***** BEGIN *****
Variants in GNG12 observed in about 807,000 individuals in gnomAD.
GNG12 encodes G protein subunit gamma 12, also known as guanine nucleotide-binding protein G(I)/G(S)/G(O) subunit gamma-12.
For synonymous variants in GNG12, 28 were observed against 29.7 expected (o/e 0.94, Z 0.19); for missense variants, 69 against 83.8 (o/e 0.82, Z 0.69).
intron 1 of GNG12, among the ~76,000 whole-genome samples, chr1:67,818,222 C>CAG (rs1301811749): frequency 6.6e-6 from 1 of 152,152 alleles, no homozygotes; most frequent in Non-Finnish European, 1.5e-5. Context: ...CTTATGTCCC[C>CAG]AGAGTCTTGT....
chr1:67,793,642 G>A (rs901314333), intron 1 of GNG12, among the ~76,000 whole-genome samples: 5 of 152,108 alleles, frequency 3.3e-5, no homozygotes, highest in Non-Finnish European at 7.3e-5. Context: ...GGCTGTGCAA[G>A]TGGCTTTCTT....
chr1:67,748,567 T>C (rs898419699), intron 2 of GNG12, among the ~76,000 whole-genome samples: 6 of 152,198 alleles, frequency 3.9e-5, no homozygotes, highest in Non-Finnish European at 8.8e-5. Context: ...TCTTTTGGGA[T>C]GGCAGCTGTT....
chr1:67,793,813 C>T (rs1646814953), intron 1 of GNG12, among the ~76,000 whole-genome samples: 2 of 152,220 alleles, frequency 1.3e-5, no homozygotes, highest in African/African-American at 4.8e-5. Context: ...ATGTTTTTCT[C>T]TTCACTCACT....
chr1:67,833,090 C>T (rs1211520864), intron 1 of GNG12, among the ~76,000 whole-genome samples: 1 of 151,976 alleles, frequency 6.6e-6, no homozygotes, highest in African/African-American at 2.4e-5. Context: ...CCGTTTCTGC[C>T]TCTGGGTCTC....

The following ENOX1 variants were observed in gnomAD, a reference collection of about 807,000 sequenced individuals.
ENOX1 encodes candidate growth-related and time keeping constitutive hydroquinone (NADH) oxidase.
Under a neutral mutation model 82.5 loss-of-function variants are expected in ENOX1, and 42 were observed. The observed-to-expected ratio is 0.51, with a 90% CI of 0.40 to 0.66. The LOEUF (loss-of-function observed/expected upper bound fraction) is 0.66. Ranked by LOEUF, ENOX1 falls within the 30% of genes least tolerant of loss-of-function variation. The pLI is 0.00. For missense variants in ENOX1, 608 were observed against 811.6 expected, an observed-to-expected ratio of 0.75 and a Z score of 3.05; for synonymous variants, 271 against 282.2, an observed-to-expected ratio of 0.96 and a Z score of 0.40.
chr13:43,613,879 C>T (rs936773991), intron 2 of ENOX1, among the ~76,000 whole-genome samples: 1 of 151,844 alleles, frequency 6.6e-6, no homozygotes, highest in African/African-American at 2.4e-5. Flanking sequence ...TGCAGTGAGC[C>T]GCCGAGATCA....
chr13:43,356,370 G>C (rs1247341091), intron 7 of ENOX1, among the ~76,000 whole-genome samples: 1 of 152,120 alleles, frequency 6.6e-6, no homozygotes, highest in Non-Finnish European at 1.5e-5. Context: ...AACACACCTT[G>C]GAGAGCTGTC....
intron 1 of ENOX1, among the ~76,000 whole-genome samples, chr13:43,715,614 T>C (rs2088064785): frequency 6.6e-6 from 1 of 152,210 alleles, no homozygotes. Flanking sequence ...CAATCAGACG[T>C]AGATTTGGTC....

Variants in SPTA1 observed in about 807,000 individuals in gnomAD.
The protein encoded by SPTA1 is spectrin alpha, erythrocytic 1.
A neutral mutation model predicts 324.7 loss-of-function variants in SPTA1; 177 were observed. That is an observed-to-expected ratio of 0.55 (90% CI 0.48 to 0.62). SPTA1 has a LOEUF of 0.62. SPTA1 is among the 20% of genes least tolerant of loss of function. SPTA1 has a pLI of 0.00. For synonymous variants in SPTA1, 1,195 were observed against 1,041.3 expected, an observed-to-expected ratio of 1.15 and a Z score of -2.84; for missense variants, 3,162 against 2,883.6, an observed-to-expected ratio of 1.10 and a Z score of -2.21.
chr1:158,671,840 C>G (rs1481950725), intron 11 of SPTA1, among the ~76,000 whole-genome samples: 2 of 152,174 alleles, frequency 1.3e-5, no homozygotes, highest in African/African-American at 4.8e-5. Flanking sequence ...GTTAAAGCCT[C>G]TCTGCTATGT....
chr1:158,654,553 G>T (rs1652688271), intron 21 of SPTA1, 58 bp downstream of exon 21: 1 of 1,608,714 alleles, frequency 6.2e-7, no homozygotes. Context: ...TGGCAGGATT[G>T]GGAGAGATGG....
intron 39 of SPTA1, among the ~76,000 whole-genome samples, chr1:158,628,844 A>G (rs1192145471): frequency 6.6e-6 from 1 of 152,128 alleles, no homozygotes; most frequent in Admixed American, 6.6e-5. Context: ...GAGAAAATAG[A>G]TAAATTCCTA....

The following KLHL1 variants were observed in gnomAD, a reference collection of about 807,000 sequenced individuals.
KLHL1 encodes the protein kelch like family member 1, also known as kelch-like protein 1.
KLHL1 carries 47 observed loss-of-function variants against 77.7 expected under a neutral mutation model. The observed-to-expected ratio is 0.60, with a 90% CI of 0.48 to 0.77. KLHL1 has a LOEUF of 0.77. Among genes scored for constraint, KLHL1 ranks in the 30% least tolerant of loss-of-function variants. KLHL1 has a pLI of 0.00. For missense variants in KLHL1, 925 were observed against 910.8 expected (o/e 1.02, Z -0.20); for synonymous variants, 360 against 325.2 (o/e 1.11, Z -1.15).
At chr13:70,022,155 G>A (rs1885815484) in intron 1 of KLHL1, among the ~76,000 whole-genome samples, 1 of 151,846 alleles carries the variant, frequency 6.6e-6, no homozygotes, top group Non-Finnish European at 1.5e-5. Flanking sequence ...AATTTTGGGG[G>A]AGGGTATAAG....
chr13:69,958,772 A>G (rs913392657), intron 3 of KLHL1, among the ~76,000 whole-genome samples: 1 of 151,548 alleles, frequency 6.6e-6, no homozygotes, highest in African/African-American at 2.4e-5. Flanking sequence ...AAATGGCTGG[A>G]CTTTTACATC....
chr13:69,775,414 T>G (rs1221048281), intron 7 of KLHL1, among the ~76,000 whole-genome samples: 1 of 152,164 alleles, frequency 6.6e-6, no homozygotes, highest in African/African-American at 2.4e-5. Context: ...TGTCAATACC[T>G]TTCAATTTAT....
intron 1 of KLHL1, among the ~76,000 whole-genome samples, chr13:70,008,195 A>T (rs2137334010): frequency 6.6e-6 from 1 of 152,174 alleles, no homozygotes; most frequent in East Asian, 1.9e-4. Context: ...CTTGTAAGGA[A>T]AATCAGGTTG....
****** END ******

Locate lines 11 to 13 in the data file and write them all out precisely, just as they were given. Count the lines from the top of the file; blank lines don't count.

Under a neutral mutation model 82.5 loss-of-function variants are expected in ENOX1, and 42 were observed. The observed-to-expected ratio is 0.51, with a 90% CI of 0.40 to 0.66. The LOEUF (loss-of-function observed/expected upper bound fraction) is 0.66. Ranked by LOEUF, ENOX1 falls within the 30% of genes least tolerant of loss-of-function variation. The pLI is 0.00. For missense variants in ENOX1, 608 were observed against 811.6 expected, an observed-to-expected ratio of 0.75 and a Z score of 3.05; for synonymous variants, 271 against 282.2, an observed-to-expected ratio of 0.96 and a Z score of 0.40.
chr13:43,613,879 C>T (rs936773991), intron 2 of ENOX1, among the ~76,000 whole-genome samples: 1 of 151,844 alleles, frequency 6.6e-6, no homozygotes, highest in African/African-American at 2.4e-5. Flanking sequence ...TGCAGTGAGC[C>T]GCCGAGATCA....
chr13:43,356,370 G>C (rs1247341091), intron 7 of ENOX1, among the ~76,000 whole-genome samples: 1 of 152,120 alleles, frequency 6.6e-6, no homozygotes, highest in Non-Finnish European at 1.5e-5. Context: ...AACACACCTT[G>C]GAGAGCTGTC....